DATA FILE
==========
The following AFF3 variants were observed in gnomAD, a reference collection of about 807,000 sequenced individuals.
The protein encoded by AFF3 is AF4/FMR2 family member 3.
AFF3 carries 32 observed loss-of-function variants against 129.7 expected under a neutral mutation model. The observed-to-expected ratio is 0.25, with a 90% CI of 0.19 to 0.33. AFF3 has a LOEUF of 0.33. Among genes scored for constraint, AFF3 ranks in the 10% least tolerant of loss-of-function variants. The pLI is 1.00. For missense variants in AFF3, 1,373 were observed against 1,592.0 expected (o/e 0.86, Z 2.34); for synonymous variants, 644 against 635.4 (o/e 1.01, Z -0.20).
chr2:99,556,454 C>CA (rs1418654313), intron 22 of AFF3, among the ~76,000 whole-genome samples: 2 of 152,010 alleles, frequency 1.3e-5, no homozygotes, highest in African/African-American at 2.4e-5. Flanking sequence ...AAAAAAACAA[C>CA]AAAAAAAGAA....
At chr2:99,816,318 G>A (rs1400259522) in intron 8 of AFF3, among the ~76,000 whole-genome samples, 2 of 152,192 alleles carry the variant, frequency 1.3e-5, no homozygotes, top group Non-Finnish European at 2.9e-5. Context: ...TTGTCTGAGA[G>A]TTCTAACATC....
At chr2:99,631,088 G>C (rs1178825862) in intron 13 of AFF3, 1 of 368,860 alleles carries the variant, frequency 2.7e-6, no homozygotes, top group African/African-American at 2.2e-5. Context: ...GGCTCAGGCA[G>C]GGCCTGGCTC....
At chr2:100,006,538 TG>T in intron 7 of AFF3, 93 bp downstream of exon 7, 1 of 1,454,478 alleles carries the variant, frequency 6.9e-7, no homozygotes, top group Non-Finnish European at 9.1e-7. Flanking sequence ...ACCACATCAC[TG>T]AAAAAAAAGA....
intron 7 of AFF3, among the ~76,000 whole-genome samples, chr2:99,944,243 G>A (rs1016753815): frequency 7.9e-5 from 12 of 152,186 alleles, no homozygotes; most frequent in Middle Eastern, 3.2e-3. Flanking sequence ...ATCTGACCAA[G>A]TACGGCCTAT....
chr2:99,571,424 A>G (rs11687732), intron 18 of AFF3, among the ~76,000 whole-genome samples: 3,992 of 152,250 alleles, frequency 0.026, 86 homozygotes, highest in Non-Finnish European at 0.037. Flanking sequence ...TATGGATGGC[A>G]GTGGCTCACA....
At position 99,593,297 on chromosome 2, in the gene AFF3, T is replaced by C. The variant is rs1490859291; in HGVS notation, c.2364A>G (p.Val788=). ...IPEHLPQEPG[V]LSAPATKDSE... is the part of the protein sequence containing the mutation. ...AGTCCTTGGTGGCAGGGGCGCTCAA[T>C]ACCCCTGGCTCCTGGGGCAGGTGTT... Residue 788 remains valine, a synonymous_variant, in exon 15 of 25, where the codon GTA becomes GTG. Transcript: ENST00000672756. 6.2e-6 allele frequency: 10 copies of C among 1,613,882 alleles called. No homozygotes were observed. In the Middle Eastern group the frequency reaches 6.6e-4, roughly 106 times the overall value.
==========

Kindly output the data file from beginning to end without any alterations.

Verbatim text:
The following AFF3 variants were observed in gnomAD, a reference collection of about 807,000 sequenced individuals.
The protein encoded by AFF3 is AF4/FMR2 family member 3.
AFF3 carries 32 observed loss-of-function variants against 129.7 expected under a neutral mutation model. The observed-to-expected ratio is 0.25, with a 90% CI of 0.19 to 0.33. AFF3 has a LOEUF of 0.33. Among genes scored for constraint, AFF3 ranks in the 10% least tolerant of loss-of-function variants. The pLI is 1.00. For missense variants in AFF3, 1,373 were observed against 1,592.0 expected (o/e 0.86, Z 2.34); for synonymous variants, 644 against 635.4 (o/e 1.01, Z -0.20).
chr2:99,556,454 C>CA (rs1418654313), intron 22 of AFF3, among the ~76,000 whole-genome samples: 2 of 152,010 alleles, frequency 1.3e-5, no homozygotes, highest in African/African-American at 2.4e-5. Flanking sequence ...AAAAAAACAA[C>CA]AAAAAAAGAA....
At chr2:99,816,318 G>A (rs1400259522) in intron 8 of AFF3, among the ~76,000 whole-genome samples, 2 of 152,192 alleles carry the variant, frequency 1.3e-5, no homozygotes, top group Non-Finnish European at 2.9e-5. Context: ...TTGTCTGAGA[G>A]TTCTAACATC....
At chr2:99,631,088 G>C (rs1178825862) in intron 13 of AFF3, 1 of 368,860 alleles carries the variant, frequency 2.7e-6, no homozygotes, top group African/African-American at 2.2e-5. Context: ...GGCTCAGGCA[G>C]GGCCTGGCTC....
At chr2:100,006,538 TG>T in intron 7 of AFF3, 93 bp downstream of exon 7, 1 of 1,454,478 alleles carries the variant, frequency 6.9e-7, no homozygotes, top group Non-Finnish European at 9.1e-7. Flanking sequence ...ACCACATCAC[TG>T]AAAAAAAAGA....
intron 7 of AFF3, among the ~76,000 whole-genome samples, chr2:99,944,243 G>A (rs1016753815): frequency 7.9e-5 from 12 of 152,186 alleles, no homozygotes; most frequent in Middle Eastern, 3.2e-3. Flanking sequence ...ATCTGACCAA[G>A]TACGGCCTAT....
chr2:99,571,424 A>G (rs11687732), intron 18 of AFF3, among the ~76,000 whole-genome samples: 3,992 of 152,250 alleles, frequency 0.026, 86 homozygotes, highest in Non-Finnish European at 0.037. Flanking sequence ...TATGGATGGC[A>G]GTGGCTCACA....
At position 99,593,297 on chromosome 2, in the gene AFF3, T is replaced by C. The variant is rs1490859291; in HGVS notation, c.2364A>G (p.Val788=). ...IPEHLPQEPG[V]LSAPATKDSE... is the part of the protein sequence containing the mutation. ...AGTCCTTGGTGGCAGGGGCGCTCAA[T>C]ACCCCTGGCTCCTGGGGCAGGTGTT... Residue 788 remains valine, a synonymous_variant, in exon 15 of 25, where the codon GTA becomes GTG. Transcript: ENST00000672756. 6.2e-6 allele frequency: 10 copies of C among 1,613,882 alleles called. No homozygotes were observed. In the Middle Eastern group the frequency reaches 6.6e-4, roughly 106 times the overall value.